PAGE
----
Regional Variability and Driving Forces behind Forest Fires in Sweden

Cimdins, R., Krasovskiy, A. ORCID:, & Kraxner, F. (2022). Regional Variability and Driving Forces behind Forest Fires in Sweden. Remote Sensing 14 (22) e5826. 10.3390/rs14225826.

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Extreme forest fires have been a historic concern in the forests of Canada, the Russian Federation, and the USA, and are now an increasing threat in boreal Europe, where recent fire events in 2014 and 2018 drew attention to Sweden. Our study objective was to understand the vulnerability of Swedish forests to fire by spatially analyzing historical burned areas, and to link fire events with weather, landscape, and fire-related socioeconomic factors. We developed an extensive database of 1 × 1 km2 homogenous grids, where monthly burned areas were derived from the MODIS FireCCI51 dataset. The database consists of various socio-economic, topographic-, forest-, and weather-related remote sensing products. To include new factors in the IIASA’s FLAM model, we developed a random forest model to assess the spatial probabilities of burned areas. Due to Sweden’s geographical diversity, fire dynamics vary between six biogeographical zones. Therefore, the model was applied to each zone separately. As an outcome, we obtained probabilities of burned areas in the forests across Sweden and observed burned areas were well captured by the model. The result accuracy differs with respect to zone; the area under the curve (AUC) was 0.875 and 0.94 for zones with few fires, but above 0.95 for zones with a higher number of fire events. Feature importance analysis and their variability across Sweden provide valuable information to understand the reasons behind forest fires. The Fine Fuel Moisture Code, population and road densities, slope and aspect, and forest stand volume were found to be among the key fire-related factors in Sweden. Our modeling approach can be extended to hotspot mapping in other boreal regions and thus is highly policy-relevant. Visualization of our results is available in the Google Earth Engine Application.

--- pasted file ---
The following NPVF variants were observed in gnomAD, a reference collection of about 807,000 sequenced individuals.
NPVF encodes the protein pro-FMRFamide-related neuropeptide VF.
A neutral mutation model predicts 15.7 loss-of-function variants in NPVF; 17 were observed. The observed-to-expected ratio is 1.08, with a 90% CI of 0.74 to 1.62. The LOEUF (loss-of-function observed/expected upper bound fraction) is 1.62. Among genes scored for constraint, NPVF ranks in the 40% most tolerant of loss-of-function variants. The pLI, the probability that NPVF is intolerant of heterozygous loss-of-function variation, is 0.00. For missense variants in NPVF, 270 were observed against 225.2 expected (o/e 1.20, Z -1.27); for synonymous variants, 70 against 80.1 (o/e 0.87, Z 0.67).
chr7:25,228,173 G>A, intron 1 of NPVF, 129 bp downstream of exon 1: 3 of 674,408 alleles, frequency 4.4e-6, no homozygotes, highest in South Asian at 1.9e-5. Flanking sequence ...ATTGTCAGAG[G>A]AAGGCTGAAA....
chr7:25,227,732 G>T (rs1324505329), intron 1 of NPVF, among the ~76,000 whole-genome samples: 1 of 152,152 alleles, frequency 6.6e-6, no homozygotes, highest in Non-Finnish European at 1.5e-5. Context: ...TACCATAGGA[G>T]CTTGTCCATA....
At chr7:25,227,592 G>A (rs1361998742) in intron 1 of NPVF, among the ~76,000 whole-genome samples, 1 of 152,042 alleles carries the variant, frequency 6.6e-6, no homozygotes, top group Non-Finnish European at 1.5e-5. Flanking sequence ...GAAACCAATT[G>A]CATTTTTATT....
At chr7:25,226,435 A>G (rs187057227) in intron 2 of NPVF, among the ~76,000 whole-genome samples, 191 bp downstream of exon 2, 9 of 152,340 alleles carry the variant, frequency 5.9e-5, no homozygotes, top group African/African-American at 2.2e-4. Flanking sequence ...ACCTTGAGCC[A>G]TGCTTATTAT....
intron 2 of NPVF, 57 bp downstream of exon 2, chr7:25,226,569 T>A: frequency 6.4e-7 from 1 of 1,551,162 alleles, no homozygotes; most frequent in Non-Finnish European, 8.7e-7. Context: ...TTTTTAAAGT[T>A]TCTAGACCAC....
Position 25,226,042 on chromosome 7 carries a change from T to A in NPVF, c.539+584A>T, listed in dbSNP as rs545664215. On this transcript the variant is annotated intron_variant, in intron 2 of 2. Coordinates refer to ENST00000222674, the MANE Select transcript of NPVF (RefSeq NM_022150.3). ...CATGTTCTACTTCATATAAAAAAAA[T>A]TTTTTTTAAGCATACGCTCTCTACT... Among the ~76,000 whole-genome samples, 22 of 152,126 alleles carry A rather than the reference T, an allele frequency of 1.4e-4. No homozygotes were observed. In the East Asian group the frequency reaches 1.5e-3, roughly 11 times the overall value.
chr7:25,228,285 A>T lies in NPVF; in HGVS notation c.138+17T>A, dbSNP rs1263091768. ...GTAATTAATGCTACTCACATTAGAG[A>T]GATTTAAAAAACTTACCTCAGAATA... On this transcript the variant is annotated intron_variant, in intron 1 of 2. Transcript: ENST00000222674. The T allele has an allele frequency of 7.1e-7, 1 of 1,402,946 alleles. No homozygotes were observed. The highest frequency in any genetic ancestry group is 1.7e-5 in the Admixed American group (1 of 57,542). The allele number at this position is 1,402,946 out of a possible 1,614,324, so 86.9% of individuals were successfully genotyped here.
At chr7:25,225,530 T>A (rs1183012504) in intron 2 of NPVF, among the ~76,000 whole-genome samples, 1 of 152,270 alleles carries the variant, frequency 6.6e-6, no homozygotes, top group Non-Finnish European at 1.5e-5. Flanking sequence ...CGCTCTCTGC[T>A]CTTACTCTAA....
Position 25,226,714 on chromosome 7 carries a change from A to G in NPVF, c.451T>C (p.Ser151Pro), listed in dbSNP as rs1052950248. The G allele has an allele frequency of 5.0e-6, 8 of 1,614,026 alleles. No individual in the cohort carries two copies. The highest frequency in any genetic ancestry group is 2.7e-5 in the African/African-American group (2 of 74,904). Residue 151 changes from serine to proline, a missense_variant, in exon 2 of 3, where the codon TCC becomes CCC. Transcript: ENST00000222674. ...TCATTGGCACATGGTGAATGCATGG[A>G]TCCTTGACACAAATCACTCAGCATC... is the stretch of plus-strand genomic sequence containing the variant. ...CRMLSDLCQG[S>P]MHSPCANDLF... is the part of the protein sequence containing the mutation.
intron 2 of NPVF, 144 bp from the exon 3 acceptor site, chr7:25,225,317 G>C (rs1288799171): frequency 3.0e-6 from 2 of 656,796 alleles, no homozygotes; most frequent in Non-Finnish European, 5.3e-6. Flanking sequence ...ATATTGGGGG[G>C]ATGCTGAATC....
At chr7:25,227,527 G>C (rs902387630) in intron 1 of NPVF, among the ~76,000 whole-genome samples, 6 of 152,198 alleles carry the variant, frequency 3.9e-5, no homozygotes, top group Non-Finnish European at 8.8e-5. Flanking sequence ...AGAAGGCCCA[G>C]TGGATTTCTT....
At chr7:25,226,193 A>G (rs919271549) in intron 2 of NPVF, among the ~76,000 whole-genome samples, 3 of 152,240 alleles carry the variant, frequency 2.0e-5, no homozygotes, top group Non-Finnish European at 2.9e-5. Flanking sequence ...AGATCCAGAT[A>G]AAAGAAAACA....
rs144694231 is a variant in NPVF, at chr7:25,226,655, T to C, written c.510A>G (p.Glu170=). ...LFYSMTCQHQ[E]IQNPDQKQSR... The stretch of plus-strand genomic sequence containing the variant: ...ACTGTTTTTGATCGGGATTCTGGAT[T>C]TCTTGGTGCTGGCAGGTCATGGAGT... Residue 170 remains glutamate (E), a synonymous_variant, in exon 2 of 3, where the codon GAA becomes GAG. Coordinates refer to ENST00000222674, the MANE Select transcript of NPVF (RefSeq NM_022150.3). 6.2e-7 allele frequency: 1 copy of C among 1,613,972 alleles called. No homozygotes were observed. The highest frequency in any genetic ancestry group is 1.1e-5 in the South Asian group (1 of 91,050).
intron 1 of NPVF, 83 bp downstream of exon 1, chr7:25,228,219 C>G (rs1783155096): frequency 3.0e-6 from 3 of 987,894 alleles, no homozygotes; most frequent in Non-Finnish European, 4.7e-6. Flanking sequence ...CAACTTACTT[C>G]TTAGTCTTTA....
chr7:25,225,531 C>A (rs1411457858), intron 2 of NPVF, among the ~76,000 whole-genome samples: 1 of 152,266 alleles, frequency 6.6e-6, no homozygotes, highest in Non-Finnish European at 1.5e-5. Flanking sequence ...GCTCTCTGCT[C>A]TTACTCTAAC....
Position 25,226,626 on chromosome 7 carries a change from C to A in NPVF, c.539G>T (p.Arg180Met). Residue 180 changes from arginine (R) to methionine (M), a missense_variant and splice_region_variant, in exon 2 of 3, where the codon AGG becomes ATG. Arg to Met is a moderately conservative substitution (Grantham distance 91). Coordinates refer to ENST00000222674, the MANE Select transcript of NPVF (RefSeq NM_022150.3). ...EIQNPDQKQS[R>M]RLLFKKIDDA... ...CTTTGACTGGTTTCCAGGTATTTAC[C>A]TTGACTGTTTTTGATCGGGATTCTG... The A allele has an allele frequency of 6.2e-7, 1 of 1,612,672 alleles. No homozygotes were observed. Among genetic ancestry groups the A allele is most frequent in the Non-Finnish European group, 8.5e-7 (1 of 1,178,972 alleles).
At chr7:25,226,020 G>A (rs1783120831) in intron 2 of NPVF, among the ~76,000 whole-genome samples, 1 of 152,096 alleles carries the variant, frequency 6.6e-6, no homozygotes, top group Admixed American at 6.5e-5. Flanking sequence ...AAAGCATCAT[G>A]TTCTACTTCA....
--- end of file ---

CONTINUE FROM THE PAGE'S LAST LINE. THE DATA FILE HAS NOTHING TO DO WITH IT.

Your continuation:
Item Type: Article
Uncontrolled Keywords: random forest; forest fire; FFMC; AUC; MODIS
Research Programs: Biodiversity and Natural Resources (BNR)
Biodiversity and Natural Resources (BNR) > Agriculture, Forestry, and Ecosystem Services (AFE)
Depositing User: Luke Kirwan
Date Deposited: 22 Nov 2022 09:08
Last Modified: 22 Nov 2022 13:55

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